Elsewhere in the Czech capital, around 200 people attended a ceremony at the Olsansky cemetery in memory of Soviet soldiers who died during World War II. Until 1991, May 9 was celebrated in Czechoslovakia - as in Russia - as the end of World War II in Europe. Now it is marked in the Czech Republic a day earlier, on May 8.
President Vaclav Klaus has accepted the resignation of Constitutional Court judge Jiri Malenovsky. Mr Malenovsky became the Czech representative at the European Court of Justice on May 1, the day the Czech Republic became a member of the European Union. Based in Luxembourg, the European Court of Justice interprets and implements EU law, and is the Union's supreme legal institution.
Thousands of people have been attending an open-day at Kacerov metro
station, to mark the 30th anniversary of the opening of the Prague
underground rail system. The first Prague metro line ran from Kacerov
to Sokolovska station, which is now known as Florence, in 1974. In
those days there was only one seven-kilometre metro line with nine
stations. Since then the system has been expanded to three lines
covering around 50 kilometres.
Sunday also saw an open-day at Prague Castle, with thousands of people availing of the opportunity to see parts of the Castle not normally open to the public.
Meanwhile, the head of the Czech Ice Hockey Union, Karel Gut, has said the main candidate to replace Slavomir Lener as Czech ice hockey coach is Ivan Hlinka, who has previously led the Czechs to gold in the World Championships and at the Olympics. On Saturday Mr Hlinka, also a former star player for Czechoslovakia, was named a "hockey legend of the Czech Republic" at a ceremony in Prague.
On Saturday, the last group of soldiers to undergo compulsory military service in the Czech Republic took the oath of allegiance at Prague Castle. The 400 young men made their pledges in front of President Vaclav Klaus, the minister of defence, Miroslav Kostelka, and members of their families. The oath of allegiance ceremony traditionally takes place on the anniversary of the end of World War II in Europe. When the 400 soldiers complete their military service just before Christmas the Czech Army will have become fully professional.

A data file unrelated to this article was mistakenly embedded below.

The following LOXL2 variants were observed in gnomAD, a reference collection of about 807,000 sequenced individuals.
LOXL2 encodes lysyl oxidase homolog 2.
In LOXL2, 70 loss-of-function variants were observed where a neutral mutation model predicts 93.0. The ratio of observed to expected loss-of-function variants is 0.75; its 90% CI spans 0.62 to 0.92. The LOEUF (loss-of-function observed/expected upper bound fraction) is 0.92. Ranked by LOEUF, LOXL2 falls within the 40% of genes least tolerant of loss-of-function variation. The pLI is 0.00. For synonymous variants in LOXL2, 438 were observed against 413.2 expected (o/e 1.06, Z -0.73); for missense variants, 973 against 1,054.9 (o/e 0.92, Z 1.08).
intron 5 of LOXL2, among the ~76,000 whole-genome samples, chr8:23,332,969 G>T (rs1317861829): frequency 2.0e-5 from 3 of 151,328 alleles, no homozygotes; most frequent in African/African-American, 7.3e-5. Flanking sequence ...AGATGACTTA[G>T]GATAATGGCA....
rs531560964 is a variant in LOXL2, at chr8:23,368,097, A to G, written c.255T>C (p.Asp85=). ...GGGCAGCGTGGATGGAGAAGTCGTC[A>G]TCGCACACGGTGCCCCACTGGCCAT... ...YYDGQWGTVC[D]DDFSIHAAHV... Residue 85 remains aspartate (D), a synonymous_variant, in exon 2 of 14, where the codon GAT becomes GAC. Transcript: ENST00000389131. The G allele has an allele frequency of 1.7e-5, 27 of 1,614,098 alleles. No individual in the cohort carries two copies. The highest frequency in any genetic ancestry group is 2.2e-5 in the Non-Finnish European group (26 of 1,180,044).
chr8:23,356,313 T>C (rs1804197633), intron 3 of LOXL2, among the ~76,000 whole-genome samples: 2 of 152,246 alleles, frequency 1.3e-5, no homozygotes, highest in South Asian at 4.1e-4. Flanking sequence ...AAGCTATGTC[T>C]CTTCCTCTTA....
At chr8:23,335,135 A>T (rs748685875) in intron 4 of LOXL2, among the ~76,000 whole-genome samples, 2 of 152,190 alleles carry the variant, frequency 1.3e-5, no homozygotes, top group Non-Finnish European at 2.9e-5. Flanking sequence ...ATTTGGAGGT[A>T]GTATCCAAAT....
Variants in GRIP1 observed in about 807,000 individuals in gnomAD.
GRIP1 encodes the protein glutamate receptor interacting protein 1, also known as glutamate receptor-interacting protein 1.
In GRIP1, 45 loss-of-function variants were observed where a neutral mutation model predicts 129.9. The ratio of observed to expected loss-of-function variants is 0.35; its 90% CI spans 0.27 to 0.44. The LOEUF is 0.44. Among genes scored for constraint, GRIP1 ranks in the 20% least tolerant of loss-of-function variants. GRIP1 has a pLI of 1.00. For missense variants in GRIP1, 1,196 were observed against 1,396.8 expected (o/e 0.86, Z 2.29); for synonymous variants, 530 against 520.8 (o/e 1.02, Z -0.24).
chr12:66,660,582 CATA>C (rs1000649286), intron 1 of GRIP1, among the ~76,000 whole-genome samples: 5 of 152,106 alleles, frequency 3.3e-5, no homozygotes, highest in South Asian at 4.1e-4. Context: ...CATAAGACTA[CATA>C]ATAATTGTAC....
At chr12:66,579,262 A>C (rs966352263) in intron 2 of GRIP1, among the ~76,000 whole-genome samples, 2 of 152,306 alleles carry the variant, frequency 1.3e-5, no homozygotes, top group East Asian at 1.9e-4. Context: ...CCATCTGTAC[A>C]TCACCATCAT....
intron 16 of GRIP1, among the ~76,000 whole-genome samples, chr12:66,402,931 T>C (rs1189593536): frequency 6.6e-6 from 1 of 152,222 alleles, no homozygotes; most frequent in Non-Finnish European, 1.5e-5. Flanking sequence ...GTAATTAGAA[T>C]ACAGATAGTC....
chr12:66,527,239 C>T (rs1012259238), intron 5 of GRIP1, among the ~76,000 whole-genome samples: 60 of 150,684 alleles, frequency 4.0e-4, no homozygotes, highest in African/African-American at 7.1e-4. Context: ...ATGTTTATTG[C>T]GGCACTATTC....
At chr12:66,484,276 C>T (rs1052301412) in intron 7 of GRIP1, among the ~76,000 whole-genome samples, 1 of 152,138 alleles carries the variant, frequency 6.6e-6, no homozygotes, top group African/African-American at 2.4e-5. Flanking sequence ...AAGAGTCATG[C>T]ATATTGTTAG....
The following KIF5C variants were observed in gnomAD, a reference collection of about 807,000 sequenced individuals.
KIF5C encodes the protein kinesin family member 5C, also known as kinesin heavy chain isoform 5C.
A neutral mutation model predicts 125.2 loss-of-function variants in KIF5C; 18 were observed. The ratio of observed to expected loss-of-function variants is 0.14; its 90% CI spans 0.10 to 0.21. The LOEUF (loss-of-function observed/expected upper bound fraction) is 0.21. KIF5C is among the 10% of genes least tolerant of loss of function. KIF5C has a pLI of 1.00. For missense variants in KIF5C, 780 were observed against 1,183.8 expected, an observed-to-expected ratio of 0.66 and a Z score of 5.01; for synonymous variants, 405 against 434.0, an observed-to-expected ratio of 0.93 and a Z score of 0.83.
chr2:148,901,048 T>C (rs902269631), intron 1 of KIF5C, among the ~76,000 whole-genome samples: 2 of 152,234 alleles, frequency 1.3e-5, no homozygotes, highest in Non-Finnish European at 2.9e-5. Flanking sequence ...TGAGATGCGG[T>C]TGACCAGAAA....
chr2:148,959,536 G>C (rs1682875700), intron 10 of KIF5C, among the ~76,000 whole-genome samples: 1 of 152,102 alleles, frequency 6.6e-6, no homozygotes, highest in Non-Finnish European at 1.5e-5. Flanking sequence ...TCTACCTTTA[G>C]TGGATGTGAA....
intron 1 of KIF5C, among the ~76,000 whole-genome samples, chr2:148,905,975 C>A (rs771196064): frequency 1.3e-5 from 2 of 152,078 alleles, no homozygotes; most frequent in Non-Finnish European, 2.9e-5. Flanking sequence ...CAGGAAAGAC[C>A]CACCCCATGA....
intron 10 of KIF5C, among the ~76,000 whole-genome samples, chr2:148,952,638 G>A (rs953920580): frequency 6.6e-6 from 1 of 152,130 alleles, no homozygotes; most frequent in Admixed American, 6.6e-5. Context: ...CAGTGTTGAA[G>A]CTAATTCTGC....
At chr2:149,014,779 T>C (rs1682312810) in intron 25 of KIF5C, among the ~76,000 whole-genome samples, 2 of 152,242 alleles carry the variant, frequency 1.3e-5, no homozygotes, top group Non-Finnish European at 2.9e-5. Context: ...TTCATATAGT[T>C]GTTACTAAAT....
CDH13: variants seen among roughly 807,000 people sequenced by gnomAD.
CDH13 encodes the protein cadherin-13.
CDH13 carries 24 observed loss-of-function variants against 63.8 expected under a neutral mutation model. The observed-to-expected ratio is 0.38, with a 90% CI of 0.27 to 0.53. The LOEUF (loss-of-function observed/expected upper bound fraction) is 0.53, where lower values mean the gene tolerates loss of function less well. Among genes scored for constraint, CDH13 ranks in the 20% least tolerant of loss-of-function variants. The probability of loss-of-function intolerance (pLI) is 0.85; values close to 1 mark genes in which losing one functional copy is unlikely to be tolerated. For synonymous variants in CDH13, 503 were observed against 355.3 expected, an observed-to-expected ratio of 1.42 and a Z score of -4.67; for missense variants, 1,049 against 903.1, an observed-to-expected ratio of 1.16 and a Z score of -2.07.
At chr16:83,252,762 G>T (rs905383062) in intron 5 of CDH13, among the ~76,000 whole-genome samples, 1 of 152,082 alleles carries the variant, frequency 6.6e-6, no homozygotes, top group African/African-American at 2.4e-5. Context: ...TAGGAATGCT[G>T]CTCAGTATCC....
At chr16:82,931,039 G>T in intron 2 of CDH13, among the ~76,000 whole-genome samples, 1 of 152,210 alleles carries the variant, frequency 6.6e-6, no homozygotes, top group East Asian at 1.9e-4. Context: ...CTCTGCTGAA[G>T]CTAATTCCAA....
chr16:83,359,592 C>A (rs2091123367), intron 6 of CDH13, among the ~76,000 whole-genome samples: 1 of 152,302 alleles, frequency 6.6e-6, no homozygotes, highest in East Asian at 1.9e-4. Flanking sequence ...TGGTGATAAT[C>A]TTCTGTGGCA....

The chairwoman of the monitoring committee of the Parliamentary Assembly of the European Commission, Josette Durrieu, has had a meeting with representatives of the Romany community in the north Moravian city of Ostrava. After Sunday's discussion, she said Czech authorities had done a lot to improve the situation of Romanies, but a lot more remained to be done. Ms Durrieu also said Czech Romanies needed to decide what they wanted to achieve and take more control of their own destinies.
The last group of soldiers to undergo compulsory military service in the Czech Republic pledged their allegiance at Prague Castle on Saturday morning. The 400 young men made their pledges in front of President Klaus, the minister of defence, Miroslav Kostelka, and members of their families. The oath of allegiance ceremony traditionally takes place on the anniversary of the end of World War II in Europe. When the 400 soldiers complete their military service just before Christmas the Czech Army will have become fully professional.
Sparta Prague have beaten the Czech league champions Banik Ostrava 2:1. It is an important win for the Prague club, who are hoping to come second, which guarantees a place in the qualifying rounds of the lucrative Champions League. Ostrava were presented with their first league trophy in 23 years after the game.
Former dissidents from the Visegrad Four countries have agreed at a meeting in Bratislava to continue working together, after the Czech Republic, Slovakia, Poland and Hungary joined the EU last Saturday. Czechoslovakia's first foreign minister after the Velvet Revolution, Jiri Dienstbier, recalled how solidarity between former dissidents from the four countries had helped them during negotiations over the dissolution of the Warsaw Pact and the withdrawal of Soviet troops.